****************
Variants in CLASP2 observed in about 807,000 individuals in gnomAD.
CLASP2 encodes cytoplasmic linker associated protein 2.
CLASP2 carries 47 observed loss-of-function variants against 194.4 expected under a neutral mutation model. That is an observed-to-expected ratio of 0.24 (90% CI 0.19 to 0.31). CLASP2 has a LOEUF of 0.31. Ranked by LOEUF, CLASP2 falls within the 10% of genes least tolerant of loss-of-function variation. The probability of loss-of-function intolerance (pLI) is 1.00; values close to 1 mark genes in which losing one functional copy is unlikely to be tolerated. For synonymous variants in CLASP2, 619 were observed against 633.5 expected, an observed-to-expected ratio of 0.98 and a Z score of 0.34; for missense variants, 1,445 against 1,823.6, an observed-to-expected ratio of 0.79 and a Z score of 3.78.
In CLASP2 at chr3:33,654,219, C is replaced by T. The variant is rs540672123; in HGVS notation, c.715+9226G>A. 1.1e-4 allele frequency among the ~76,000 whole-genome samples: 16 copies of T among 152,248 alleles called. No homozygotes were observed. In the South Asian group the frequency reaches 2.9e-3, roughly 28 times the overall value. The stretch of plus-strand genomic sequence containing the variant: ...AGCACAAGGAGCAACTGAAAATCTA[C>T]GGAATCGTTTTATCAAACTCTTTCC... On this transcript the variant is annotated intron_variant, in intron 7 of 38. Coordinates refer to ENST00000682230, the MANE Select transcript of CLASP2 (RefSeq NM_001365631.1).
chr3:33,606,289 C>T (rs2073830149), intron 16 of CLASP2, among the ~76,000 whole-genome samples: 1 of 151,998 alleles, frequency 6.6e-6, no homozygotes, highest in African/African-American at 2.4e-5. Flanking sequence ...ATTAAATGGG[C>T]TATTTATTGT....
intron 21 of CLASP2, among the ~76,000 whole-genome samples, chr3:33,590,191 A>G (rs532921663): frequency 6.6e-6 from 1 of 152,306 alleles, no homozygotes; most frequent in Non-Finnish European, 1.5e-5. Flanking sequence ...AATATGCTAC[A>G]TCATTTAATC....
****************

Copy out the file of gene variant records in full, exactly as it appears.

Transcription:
Variants in CLASP2 observed in about 807,000 individuals in gnomAD.
CLASP2 encodes cytoplasmic linker associated protein 2.
CLASP2 carries 47 observed loss-of-function variants against 194.4 expected under a neutral mutation model. That is an observed-to-expected ratio of 0.24 (90% CI 0.19 to 0.31). CLASP2 has a LOEUF of 0.31. Ranked by LOEUF, CLASP2 falls within the 10% of genes least tolerant of loss-of-function variation. The probability of loss-of-function intolerance (pLI) is 1.00; values close to 1 mark genes in which losing one functional copy is unlikely to be tolerated. For synonymous variants in CLASP2, 619 were observed against 633.5 expected, an observed-to-expected ratio of 0.98 and a Z score of 0.34; for missense variants, 1,445 against 1,823.6, an observed-to-expected ratio of 0.79 and a Z score of 3.78.
In CLASP2 at chr3:33,654,219, C is replaced by T. The variant is rs540672123; in HGVS notation, c.715+9226G>A. 1.1e-4 allele frequency among the ~76,000 whole-genome samples: 16 copies of T among 152,248 alleles called. No homozygotes were observed. In the South Asian group the frequency reaches 2.9e-3, roughly 28 times the overall value. The stretch of plus-strand genomic sequence containing the variant: ...AGCACAAGGAGCAACTGAAAATCTA[C>T]GGAATCGTTTTATCAAACTCTTTCC... On this transcript the variant is annotated intron_variant, in intron 7 of 38. Coordinates refer to ENST00000682230, the MANE Select transcript of CLASP2 (RefSeq NM_001365631.1).
chr3:33,606,289 C>T (rs2073830149), intron 16 of CLASP2, among the ~76,000 whole-genome samples: 1 of 151,998 alleles, frequency 6.6e-6, no homozygotes, highest in African/African-American at 2.4e-5. Flanking sequence ...ATTAAATGGG[C>T]TATTTATTGT....
intron 21 of CLASP2, among the ~76,000 whole-genome samples, chr3:33,590,191 A>G (rs532921663): frequency 6.6e-6 from 1 of 152,306 alleles, no homozygotes; most frequent in Non-Finnish European, 1.5e-5. Flanking sequence ...AATATGCTAC[A>G]TCATTTAATC....